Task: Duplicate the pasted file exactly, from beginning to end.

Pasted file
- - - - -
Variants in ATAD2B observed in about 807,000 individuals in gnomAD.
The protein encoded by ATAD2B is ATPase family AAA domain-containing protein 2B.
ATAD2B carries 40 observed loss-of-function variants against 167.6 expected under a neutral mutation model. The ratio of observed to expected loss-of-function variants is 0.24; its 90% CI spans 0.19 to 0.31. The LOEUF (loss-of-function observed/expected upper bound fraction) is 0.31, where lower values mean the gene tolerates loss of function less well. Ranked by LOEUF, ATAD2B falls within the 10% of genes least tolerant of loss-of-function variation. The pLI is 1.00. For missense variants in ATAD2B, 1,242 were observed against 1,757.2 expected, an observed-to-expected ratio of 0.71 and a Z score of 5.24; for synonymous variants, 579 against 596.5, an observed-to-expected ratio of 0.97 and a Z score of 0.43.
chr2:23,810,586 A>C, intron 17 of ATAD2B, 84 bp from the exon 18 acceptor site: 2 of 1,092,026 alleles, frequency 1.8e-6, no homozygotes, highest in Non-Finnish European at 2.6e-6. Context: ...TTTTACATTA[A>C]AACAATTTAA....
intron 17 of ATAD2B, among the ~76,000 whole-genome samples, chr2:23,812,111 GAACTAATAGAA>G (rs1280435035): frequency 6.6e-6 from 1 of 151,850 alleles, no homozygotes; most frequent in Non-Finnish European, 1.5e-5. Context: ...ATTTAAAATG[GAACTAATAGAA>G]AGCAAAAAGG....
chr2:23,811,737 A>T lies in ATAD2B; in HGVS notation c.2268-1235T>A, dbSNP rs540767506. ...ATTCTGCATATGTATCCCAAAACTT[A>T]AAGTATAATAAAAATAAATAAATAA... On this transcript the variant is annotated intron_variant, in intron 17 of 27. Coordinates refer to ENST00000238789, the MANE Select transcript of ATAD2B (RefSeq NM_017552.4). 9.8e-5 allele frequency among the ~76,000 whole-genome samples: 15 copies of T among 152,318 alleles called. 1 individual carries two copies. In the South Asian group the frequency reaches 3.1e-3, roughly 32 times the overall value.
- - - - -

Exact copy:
Variants in ATAD2B observed in about 807,000 individuals in gnomAD.
The protein encoded by ATAD2B is ATPase family AAA domain-containing protein 2B.
ATAD2B carries 40 observed loss-of-function variants against 167.6 expected under a neutral mutation model. The ratio of observed to expected loss-of-function variants is 0.24; its 90% CI spans 0.19 to 0.31. The LOEUF (loss-of-function observed/expected upper bound fraction) is 0.31, where lower values mean the gene tolerates loss of function less well. Ranked by LOEUF, ATAD2B falls within the 10% of genes least tolerant of loss-of-function variation. The pLI is 1.00. For missense variants in ATAD2B, 1,242 were observed against 1,757.2 expected, an observed-to-expected ratio of 0.71 and a Z score of 5.24; for synonymous variants, 579 against 596.5, an observed-to-expected ratio of 0.97 and a Z score of 0.43.
chr2:23,810,586 A>C, intron 17 of ATAD2B, 84 bp from the exon 18 acceptor site: 2 of 1,092,026 alleles, frequency 1.8e-6, no homozygotes, highest in Non-Finnish European at 2.6e-6. Context: ...TTTTACATTA[A>C]AACAATTTAA....
intron 17 of ATAD2B, among the ~76,000 whole-genome samples, chr2:23,812,111 GAACTAATAGAA>G (rs1280435035): frequency 6.6e-6 from 1 of 151,850 alleles, no homozygotes; most frequent in Non-Finnish European, 1.5e-5. Context: ...ATTTAAAATG[GAACTAATAGAA>G]AGCAAAAAGG....
chr2:23,811,737 A>T lies in ATAD2B; in HGVS notation c.2268-1235T>A, dbSNP rs540767506. ...ATTCTGCATATGTATCCCAAAACTT[A>T]AAGTATAATAAAAATAAATAAATAA... On this transcript the variant is annotated intron_variant, in intron 17 of 27. Coordinates refer to ENST00000238789, the MANE Select transcript of ATAD2B (RefSeq NM_017552.4). 9.8e-5 allele frequency among the ~76,000 whole-genome samples: 15 copies of T among 152,318 alleles called. 1 individual carries two copies. In the South Asian group the frequency reaches 3.1e-3, roughly 32 times the overall value.